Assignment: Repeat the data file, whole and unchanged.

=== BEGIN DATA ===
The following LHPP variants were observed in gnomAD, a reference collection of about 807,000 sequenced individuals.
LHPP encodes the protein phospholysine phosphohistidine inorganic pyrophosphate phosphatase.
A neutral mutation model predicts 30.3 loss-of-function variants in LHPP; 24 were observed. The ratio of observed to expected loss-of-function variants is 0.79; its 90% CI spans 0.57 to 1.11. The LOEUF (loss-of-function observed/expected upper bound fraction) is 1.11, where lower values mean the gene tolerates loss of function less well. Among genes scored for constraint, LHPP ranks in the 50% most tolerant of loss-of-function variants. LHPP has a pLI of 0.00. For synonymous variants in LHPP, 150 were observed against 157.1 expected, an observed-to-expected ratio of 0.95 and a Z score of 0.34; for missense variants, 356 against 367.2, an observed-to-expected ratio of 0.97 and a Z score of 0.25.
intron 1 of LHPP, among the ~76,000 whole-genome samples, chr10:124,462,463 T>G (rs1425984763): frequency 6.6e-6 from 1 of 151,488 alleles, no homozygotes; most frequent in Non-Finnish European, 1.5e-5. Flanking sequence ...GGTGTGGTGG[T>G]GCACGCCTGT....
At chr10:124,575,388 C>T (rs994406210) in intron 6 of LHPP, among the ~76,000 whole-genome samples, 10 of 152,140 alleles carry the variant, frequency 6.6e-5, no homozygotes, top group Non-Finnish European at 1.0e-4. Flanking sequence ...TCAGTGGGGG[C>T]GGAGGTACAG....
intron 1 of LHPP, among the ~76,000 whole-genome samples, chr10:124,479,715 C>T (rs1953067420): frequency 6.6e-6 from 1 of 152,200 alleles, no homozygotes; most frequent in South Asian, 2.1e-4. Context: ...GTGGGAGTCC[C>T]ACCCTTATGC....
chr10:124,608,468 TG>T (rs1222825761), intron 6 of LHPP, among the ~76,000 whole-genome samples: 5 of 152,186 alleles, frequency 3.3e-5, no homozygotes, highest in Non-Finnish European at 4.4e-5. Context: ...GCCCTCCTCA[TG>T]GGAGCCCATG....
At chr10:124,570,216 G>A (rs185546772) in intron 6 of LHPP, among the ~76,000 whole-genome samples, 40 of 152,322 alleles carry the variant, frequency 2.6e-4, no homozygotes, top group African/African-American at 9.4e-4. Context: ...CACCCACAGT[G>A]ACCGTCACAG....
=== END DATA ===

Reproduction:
The following LHPP variants were observed in gnomAD, a reference collection of about 807,000 sequenced individuals.
LHPP encodes the protein phospholysine phosphohistidine inorganic pyrophosphate phosphatase.
A neutral mutation model predicts 30.3 loss-of-function variants in LHPP; 24 were observed. The ratio of observed to expected loss-of-function variants is 0.79; its 90% CI spans 0.57 to 1.11. The LOEUF (loss-of-function observed/expected upper bound fraction) is 1.11, where lower values mean the gene tolerates loss of function less well. Among genes scored for constraint, LHPP ranks in the 50% most tolerant of loss-of-function variants. LHPP has a pLI of 0.00. For synonymous variants in LHPP, 150 were observed against 157.1 expected, an observed-to-expected ratio of 0.95 and a Z score of 0.34; for missense variants, 356 against 367.2, an observed-to-expected ratio of 0.97 and a Z score of 0.25.
intron 1 of LHPP, among the ~76,000 whole-genome samples, chr10:124,462,463 T>G (rs1425984763): frequency 6.6e-6 from 1 of 151,488 alleles, no homozygotes; most frequent in Non-Finnish European, 1.5e-5. Flanking sequence ...GGTGTGGTGG[T>G]GCACGCCTGT....
At chr10:124,575,388 C>T (rs994406210) in intron 6 of LHPP, among the ~76,000 whole-genome samples, 10 of 152,140 alleles carry the variant, frequency 6.6e-5, no homozygotes, top group Non-Finnish European at 1.0e-4. Flanking sequence ...TCAGTGGGGG[C>T]GGAGGTACAG....
intron 1 of LHPP, among the ~76,000 whole-genome samples, chr10:124,479,715 C>T (rs1953067420): frequency 6.6e-6 from 1 of 152,200 alleles, no homozygotes; most frequent in South Asian, 2.1e-4. Context: ...GTGGGAGTCC[C>T]ACCCTTATGC....
chr10:124,608,468 TG>T (rs1222825761), intron 6 of LHPP, among the ~76,000 whole-genome samples: 5 of 152,186 alleles, frequency 3.3e-5, no homozygotes, highest in Non-Finnish European at 4.4e-5. Context: ...GCCCTCCTCA[TG>T]GGAGCCCATG....
At chr10:124,570,216 G>A (rs185546772) in intron 6 of LHPP, among the ~76,000 whole-genome samples, 40 of 152,322 alleles carry the variant, frequency 2.6e-4, no homozygotes, top group African/African-American at 9.4e-4. Context: ...CACCCACAGT[G>A]ACCGTCACAG....